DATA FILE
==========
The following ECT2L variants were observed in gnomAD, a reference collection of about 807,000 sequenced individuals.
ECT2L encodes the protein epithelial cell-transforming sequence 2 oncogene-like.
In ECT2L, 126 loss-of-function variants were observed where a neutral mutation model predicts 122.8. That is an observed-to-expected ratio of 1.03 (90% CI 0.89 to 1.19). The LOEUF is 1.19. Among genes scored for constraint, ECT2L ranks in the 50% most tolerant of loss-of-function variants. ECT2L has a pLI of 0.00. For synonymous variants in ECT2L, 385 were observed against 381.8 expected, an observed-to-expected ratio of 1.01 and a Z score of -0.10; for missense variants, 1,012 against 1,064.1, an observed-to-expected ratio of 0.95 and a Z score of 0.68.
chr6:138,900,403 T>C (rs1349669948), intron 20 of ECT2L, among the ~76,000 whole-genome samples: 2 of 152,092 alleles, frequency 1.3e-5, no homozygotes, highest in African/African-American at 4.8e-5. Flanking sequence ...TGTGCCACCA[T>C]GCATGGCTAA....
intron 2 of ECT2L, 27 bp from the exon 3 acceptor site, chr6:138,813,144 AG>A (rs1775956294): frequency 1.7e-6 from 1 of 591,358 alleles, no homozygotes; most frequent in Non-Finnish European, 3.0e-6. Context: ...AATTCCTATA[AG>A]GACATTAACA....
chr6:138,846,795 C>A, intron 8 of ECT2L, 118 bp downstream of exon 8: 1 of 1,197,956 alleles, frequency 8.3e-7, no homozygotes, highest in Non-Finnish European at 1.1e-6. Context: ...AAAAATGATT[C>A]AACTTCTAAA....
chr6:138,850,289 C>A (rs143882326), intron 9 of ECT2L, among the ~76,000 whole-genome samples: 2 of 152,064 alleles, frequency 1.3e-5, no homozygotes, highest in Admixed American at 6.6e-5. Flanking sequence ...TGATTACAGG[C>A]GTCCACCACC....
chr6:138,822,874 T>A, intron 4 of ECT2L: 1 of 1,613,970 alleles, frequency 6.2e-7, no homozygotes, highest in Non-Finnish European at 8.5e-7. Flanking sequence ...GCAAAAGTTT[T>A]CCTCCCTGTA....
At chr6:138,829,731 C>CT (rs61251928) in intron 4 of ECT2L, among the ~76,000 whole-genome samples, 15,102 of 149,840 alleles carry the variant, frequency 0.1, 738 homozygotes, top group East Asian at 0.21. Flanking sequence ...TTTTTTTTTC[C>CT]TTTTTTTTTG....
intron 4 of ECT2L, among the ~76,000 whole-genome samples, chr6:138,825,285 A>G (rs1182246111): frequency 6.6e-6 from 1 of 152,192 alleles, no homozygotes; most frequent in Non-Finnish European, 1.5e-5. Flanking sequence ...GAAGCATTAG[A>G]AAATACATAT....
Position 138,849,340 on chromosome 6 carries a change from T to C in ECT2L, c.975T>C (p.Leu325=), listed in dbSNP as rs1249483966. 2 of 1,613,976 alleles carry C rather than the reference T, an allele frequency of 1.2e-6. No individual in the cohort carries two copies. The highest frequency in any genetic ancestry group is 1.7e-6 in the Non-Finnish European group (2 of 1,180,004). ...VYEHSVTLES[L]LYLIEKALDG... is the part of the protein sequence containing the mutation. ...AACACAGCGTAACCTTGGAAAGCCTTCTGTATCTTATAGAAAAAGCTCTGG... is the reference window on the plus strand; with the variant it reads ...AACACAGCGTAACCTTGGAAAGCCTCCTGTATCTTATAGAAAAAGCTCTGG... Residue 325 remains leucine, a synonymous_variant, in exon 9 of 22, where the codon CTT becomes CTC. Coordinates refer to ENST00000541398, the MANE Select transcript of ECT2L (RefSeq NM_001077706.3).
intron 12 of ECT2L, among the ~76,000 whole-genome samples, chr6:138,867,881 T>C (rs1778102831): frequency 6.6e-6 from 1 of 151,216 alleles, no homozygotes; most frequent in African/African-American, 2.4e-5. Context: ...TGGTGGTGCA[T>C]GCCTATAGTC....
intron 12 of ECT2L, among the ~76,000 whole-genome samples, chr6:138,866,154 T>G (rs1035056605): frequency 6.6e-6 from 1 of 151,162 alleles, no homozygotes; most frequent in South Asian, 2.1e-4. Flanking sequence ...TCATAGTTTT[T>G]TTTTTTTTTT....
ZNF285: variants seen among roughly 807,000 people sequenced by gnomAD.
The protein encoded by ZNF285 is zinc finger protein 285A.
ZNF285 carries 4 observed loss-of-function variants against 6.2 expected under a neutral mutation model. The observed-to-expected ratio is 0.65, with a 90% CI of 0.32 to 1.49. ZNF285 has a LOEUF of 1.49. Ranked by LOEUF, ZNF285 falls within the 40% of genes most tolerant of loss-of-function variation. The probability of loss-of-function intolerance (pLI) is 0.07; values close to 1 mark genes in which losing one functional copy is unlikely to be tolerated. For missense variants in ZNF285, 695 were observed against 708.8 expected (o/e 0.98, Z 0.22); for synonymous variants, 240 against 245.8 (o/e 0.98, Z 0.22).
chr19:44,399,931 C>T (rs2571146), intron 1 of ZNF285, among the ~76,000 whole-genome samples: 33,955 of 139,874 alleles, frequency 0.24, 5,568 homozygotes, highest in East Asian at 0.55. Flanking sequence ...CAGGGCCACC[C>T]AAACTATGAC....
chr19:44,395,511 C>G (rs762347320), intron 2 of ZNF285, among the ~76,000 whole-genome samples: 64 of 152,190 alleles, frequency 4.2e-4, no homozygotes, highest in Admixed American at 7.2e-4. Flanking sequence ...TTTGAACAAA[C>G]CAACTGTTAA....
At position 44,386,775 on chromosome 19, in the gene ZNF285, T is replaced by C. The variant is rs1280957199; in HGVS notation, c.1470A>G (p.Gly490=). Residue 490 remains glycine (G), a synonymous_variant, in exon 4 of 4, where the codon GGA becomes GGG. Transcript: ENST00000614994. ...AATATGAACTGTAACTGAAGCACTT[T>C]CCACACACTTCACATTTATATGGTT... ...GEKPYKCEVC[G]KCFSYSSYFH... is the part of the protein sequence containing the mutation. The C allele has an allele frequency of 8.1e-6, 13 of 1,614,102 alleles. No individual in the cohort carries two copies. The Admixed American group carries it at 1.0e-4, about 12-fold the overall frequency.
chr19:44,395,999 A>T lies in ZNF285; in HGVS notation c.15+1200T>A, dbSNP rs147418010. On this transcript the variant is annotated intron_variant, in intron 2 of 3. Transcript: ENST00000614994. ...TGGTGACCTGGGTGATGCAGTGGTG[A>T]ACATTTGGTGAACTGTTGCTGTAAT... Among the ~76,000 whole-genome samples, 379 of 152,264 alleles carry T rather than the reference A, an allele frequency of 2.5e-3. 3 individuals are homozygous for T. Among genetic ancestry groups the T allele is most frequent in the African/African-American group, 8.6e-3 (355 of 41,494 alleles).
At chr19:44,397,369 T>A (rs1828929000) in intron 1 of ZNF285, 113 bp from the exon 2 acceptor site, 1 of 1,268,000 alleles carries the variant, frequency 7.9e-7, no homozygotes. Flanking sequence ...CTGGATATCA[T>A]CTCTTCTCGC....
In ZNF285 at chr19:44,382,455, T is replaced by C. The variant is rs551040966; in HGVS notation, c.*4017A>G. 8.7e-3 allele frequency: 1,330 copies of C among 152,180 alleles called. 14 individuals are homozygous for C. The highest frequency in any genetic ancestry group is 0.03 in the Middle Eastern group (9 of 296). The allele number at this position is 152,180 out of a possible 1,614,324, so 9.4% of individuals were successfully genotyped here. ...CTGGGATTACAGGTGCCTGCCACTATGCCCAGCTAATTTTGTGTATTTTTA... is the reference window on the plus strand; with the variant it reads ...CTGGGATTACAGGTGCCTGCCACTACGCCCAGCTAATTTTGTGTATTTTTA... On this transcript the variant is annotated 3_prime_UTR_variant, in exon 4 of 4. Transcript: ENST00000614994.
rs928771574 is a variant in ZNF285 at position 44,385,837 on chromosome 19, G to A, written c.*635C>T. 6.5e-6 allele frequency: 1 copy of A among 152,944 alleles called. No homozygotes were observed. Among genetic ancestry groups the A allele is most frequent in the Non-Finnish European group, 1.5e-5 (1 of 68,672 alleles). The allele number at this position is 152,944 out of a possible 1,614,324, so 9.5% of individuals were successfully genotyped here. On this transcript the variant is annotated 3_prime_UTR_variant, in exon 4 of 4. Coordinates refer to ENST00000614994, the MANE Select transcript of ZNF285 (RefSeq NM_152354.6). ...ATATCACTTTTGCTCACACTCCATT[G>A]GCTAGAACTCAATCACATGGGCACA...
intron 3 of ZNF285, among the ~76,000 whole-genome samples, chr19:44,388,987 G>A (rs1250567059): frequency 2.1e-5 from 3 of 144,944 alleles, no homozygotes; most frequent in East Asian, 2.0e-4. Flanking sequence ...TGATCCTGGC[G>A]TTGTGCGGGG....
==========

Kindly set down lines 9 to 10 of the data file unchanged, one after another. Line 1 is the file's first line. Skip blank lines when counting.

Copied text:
At chr6:138,829,731 C>CT (rs61251928) in intron 4 of ECT2L, among the ~76,000 whole-genome samples, 15,102 of 149,840 alleles carry the variant, frequency 0.1, 738 homozygotes, top group East Asian at 0.21. Flanking sequence ...TTTTTTTTTC[C>CT]TTTTTTTTTG....
intron 4 of ECT2L, among the ~76,000 whole-genome samples, chr6:138,825,285 A>G (rs1182246111): frequency 6.6e-6 from 1 of 152,192 alleles, no homozygotes; most frequent in Non-Finnish European, 1.5e-5. Flanking sequence ...GAAGCATTAG[A>G]AAATACATAT....